(Source: Bloomberg)


Before the start of the Lunar New Year holidays, the Vietnam Ho Chi Minh VN Index was up +3.2% for the month but the outbreak of the Novel Coronavirus changed sentiment dramatically once markets reopened for trading with the VN Index losing -5.5% in the last two trading days of the month. This impacted fund performance the most during the month.

The Novel Coronavirus pandemic can have a short term negative impact on the Vietnamese economy due to its close links with the Chinese economy. (1) At the end of 2019, Chinese tourists accounted for 32% of total tourist arrivals into Vietnam and Chinese arrivals have also been amongst the fastest growing, with a cumulative growth of 24.4% between 2014-2019. This growth is much higher than the 18% cumulative growth for total tourist arrivals into Vietnam for the same period and a slowdown in tourist arrivals could impact retail sales as well as the broader tourism sector. (2) Vietnam depends on raw materials from China for its manufacturing sector with China accounting for majority of Vietnamese imports – any prolonged pause to economic activity in China could impact supply chains which Vietnam is dependent on thus impacting manufacturing activity. (3) Chinese companies have been relocating manufacturing operations to Vietnam in order to overcome uncertainties over future trade tensions and therefore China has become one of the larger foreign direct investors into Vietnam – in 2019 China was the third largest foreign direct investor in terms of commitments. With travel and decision making in China expected to be delayed in the near term, Vietnam could see a short term slowdown in foreign direct investment.

Negative short term market sentiment in Vietnam in our view will open up tremendous buying opportunities across both large cap and small/midcap names, as has been seen in the past, the markets recover from any major pandemic. We believe that the current virus related fears have given very good buying opportunities particularly in certain beverage, modern retail and tourism stocks and we continue to be positive on our Vietnamese holdings. 



(Source: General Statistic Office of Vietnam)



(Source: SSI Securities)


Other major detractors to performance this month were Mongolia, Iraq and Uzbekistan. The best performing indexes in the AAFF universe in January were Pakistan (+2.2%) and Kyrgyzstan (+1.6%). The poorest performing markets were Iraq (−4.7%) and Mongolia (−4.0%). The top-performing portfolio stocks this month were a Mongolian junior gold mining company (+28.6%), a Mongolian real estate company (+15.2%), a Mongolian coal miner (+14.4%), a Mongolian trading company (+14.2%), and a Pakistani cement company (+11.3%).

In January, price weakness in a Vietnamese beer producer gave the fund an opportunity to initiate a position in this company. During the month, the fund also partially exited one Mongolian and one Vietnamese holding and added to existing holdings in Mongolia and Vietnam.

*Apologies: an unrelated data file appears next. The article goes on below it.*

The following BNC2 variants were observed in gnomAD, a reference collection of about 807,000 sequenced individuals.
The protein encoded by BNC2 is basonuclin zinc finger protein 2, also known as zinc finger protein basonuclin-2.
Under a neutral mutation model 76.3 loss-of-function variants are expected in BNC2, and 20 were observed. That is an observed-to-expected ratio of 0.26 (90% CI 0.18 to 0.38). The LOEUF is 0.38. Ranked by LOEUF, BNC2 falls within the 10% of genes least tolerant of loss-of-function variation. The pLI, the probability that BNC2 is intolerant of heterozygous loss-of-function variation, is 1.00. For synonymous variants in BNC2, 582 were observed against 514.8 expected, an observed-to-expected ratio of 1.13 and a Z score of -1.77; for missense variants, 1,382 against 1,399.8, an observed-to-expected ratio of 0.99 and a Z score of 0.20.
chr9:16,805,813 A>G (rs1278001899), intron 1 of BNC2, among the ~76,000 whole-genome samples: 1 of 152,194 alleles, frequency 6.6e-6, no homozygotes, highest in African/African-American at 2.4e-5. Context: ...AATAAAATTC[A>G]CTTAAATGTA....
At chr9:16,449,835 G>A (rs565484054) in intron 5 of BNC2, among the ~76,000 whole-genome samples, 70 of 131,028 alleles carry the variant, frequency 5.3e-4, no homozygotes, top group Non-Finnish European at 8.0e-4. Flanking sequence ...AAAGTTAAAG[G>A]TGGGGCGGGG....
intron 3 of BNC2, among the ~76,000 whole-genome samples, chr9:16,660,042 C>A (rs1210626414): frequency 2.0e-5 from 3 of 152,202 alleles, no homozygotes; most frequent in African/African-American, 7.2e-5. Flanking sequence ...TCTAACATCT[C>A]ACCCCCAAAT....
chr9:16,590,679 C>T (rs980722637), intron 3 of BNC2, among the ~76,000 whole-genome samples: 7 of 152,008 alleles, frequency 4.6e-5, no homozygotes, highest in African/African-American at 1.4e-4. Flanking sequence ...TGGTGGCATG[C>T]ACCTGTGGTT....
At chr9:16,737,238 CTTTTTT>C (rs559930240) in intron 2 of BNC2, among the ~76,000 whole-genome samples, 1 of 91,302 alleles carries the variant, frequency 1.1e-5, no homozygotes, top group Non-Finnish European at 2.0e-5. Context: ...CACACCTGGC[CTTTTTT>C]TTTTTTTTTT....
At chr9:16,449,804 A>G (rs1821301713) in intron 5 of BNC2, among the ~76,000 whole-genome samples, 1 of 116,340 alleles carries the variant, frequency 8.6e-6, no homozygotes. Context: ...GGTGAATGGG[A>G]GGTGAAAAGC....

As of the end of January 2020, the portfolio was invested in 77 companies, 2 funds and held 3.2% in cash. The two biggest stock positions were a pharmaceutical company in Bangladesh (9.5%) and a pump manufacturer from Vietnam (8.4%). The countries with the largest asset allocation were Vietnam (23.0%), Mongolia (17.6%), and Bangladesh (16.6%). The sectors with the largest allocation of assets were consumer goods (25.2%) and industrials (17.9%). The fund's estimated weighted harmonic average trailing 12 months P/E ratio (only companies with profit) was 8.10x, the estimated weighted harmonic average P/B ratio was 0.76x and the estimated weighted average portfolio dividend yield was 3.87%.

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The AFC Iraq Fund Class D shares returned −4.8% in January with a NAV of USD 597.26 versus its benchmark, the Rabee Securities RSISX USD Index (RSISUSD index), which returned −4.7% for the month. In 2019 the RSISUSD was down −1.3% while the fund was up +6.7%.

The year for Iraq and its equity market started with two momentous events that raised the feared spectre of a US-Iran proxy war fought in the country and all of the instability that would come with it. In quick succession, the US’s assassination in Baghdad of Iran’s top general was followed by the Iranian missile attacks on Iraqi military bases housing US military units. Initially the market shrugged them off, discounting the possibility of military conflict as unlikely, but by January’s end, the market, as measured by the Rabee Securities RSISX USD Index (RSISUSD), was down –4.7%.

However, this decline masks two contradictory trends. The first of which was heavy selling in foreign favoured stocks, such as Baghdad Soft Drinks (IBSD), Asiacell (TASC), Bank of Baghdad (BBOB) and Mansour Bank (BMNS). This was most likely foreign selling, by either Iraq-focused equity funds or most probably by frontier market funds with small weights in Iraq, likely over concerns of potential political instability following the two momentous events. These stocks were down between -3% to -10%. This trend was contrasted by heavy buying in local favoured small cap cyclical stocks that had a stunning rally by early January, but which cooled off by month end as foreign selling in IBSD, TASC, BBOB and BMNS picked up steam. But this was not before posting solid month end gains on the back of strong performances in 2019 as discussed in December 2019. Certain stocks in particular had impressive performances during the month as shown in the table below (figures rounded):


January performance of selected stocks: 

(Source: Iraq Stock Exchange, Asia Frontier Capital)